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Physical gold demand is picking up Add to ...

Demand for physical gold is starting to creep up again, market watchers said, following a dip in the metal’s price last week.

Market watchers cited a rebound in coin sales by U.S. Mint and gold forward rates turning negative as two signs of physical demand.

The U.S. Mint’s website shows that American Eagle bullion coin sales are at their highest level since July, with one-ounce coin sales already double of what was sold in August and September. As of Oct. 16, 20,500 one-ounce American Eagle bullion coins were sold for the month, versus only 8,500 sold in September and 9,000 sold in August. Total ounces sold as of mid-October are 23,000. American Buffalo bullion coin sales are also at their highest level since July at 11,000 ounces sold. In August and September, Buffalo coin sales were 10,000 for each month.

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Additionally, a few market watchers said that this week gold forward rates turned negative again after being positive recently. The gold-forward lease rates reflect where contributors are prepared to lend gold on a swap against U.S. dollars. As of 12:10 p.m. (ET), the one-month rate was minus 0.05 per cent and the three-month rate was minus 0.03 per cent.

Kevin Grady, owner of Phoenix Futures and Options, said the move to negative gold forward rates from positive shows how physical demand swiftly picked up when prices fell to the $1,260s to $1,270s area.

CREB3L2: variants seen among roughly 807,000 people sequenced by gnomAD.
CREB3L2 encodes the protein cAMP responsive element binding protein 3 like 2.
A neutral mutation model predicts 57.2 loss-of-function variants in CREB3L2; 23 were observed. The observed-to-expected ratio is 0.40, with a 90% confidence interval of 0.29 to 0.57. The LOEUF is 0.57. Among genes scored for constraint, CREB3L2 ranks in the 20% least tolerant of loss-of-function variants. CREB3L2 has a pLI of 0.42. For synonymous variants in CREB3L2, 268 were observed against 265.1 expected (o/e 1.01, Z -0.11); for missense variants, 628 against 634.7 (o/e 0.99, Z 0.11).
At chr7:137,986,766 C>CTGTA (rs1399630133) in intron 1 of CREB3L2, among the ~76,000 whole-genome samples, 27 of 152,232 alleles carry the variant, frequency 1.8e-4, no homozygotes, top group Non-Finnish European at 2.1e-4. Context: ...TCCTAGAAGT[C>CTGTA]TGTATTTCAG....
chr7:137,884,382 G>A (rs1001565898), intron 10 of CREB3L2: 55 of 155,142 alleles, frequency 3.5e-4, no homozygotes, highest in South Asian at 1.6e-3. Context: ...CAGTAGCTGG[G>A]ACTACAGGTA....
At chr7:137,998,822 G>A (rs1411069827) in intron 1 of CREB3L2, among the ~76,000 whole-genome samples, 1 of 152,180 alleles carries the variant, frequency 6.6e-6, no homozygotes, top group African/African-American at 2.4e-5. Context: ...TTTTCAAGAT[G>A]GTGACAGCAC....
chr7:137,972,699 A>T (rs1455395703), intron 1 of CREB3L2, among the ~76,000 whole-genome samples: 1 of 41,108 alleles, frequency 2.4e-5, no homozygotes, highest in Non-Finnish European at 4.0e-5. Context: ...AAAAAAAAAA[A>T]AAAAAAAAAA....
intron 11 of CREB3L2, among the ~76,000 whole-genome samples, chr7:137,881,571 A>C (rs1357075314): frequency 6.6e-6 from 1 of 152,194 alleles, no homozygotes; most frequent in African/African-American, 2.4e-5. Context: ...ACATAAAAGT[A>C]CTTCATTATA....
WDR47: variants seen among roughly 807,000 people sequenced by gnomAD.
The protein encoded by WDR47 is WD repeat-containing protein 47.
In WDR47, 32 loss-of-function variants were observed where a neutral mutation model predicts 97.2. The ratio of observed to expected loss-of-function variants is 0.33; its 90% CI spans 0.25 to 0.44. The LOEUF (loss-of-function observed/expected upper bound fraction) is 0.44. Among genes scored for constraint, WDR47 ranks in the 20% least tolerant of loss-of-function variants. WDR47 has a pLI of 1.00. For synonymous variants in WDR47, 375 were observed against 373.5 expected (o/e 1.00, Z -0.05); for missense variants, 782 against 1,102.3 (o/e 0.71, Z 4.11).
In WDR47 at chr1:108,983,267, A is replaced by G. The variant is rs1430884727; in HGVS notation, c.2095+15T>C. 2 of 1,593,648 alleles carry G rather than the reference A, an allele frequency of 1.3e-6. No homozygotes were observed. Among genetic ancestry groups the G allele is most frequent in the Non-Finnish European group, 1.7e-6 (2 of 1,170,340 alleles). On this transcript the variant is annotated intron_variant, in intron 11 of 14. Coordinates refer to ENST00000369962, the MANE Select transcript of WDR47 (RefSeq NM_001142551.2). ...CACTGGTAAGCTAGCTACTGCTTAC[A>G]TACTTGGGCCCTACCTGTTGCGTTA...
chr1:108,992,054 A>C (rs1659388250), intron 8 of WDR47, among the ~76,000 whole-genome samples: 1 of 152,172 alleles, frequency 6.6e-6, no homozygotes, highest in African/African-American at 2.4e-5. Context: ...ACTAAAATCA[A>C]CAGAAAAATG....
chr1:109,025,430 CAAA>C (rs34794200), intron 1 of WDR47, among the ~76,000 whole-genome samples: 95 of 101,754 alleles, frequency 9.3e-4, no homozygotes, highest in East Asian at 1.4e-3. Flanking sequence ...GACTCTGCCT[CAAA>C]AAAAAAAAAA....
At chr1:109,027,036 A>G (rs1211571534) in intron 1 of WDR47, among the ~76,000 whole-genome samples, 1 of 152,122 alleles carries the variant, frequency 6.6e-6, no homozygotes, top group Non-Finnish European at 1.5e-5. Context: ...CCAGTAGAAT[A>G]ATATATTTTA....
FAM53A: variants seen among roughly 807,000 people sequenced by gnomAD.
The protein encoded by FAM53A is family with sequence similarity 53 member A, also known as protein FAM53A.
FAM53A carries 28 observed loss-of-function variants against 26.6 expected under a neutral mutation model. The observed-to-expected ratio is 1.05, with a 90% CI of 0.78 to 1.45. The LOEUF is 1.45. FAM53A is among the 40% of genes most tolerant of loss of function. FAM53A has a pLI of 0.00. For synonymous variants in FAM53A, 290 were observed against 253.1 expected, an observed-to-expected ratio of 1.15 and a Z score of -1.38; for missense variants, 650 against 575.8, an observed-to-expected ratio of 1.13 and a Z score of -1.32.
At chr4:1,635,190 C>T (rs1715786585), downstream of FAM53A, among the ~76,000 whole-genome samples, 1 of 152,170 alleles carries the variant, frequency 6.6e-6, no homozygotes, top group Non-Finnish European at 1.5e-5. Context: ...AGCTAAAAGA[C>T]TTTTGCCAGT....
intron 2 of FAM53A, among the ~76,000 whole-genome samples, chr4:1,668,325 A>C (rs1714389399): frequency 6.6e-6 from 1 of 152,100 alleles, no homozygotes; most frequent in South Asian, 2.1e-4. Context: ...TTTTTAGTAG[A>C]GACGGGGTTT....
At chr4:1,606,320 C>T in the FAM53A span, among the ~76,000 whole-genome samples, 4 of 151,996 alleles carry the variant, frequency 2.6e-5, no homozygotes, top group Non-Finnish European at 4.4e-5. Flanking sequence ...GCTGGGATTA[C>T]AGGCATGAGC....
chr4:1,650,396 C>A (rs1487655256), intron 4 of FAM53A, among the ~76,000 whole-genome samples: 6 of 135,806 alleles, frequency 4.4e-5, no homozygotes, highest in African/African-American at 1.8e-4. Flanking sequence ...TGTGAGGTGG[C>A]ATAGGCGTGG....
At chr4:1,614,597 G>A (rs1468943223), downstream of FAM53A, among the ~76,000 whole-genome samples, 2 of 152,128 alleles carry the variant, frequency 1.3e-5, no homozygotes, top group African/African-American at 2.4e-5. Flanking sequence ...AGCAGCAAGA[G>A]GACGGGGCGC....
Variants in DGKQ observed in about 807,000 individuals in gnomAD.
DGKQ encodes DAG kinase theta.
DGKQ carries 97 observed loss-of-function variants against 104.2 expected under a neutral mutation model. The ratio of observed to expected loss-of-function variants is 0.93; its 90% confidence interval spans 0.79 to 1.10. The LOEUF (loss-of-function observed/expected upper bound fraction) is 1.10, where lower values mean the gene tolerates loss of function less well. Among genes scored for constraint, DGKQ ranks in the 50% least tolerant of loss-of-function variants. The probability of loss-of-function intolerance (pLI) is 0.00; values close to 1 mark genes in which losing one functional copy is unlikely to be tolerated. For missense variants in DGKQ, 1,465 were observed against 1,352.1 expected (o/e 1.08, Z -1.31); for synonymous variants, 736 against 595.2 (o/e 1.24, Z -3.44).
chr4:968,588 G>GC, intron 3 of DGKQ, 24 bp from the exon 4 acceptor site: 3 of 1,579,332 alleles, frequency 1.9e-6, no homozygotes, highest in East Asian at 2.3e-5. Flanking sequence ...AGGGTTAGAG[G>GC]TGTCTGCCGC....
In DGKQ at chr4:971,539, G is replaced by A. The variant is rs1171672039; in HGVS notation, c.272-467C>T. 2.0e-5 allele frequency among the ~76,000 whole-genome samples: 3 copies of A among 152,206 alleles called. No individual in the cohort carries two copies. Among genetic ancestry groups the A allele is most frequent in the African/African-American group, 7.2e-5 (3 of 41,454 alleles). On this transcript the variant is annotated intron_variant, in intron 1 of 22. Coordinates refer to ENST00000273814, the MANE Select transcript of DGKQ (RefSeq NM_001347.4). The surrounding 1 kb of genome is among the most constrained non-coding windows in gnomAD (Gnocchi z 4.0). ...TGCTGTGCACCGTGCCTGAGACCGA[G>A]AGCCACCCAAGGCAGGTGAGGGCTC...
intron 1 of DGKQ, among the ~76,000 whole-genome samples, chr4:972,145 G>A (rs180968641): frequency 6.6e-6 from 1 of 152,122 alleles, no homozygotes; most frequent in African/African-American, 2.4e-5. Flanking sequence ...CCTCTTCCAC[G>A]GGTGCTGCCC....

“It shows you how very, very price sensitive physical buyers are,” he said, noting that much of the gold that banks had available because of redemptions from exchange-traded funds was snapped up, pushing the lease rates to negative.

Peter Thomas, senior vice-president of Zaner Precious Metals, a precious metals physical wholesaler, agreed.

“The pickup in demand has really just started this week. It’s really taken us by surprise. It’s gold, but even more it’s silver,” Thomas said, who added that just Thursday morning he picked up 25 new customers alone, a higher level than normal.

Thomas attributed the sudden interest in physical demand to the stalemate in Congress. With the agreement to a temporary deal, Thomas said buyers are seeing it as more of the same lack of fiscal restraint which makes holding hard assets desirable.

Additionally, he said, the interest in silver comes as prices have fallen around to $20 an ounce. After a busy first half of 2013, Thomas said buying dried up, but the drop in silver prices has revived interest.

The question is whether or not the rising interest in physical demand will stay, market watchers said. The last quarter of the year seasonally is price positive for gold as it coincides with several festivals including Diwali in India and Christmas where gold is sometimes given as gifts.

Edward Meir, commodities consultant for INTL FCStone, agreed that the buying interest in the U.S. Mint coins was spurred by the stalemate in Washington. “Whether these robust sales levels last going into year-end remains to be seen; we have our doubts that they will,” Meir said.

Grady also said as prices rise, physical buying may dry up. That’s been the pattern this year, he said.

“If prices go back to $1,350, the question is, will the physical buyers be there? If the physical buyers aren’t there to buy gold, who else will? You’re not seeing it in the ETFs,” he said.

Allen Sykora contributed to this story.

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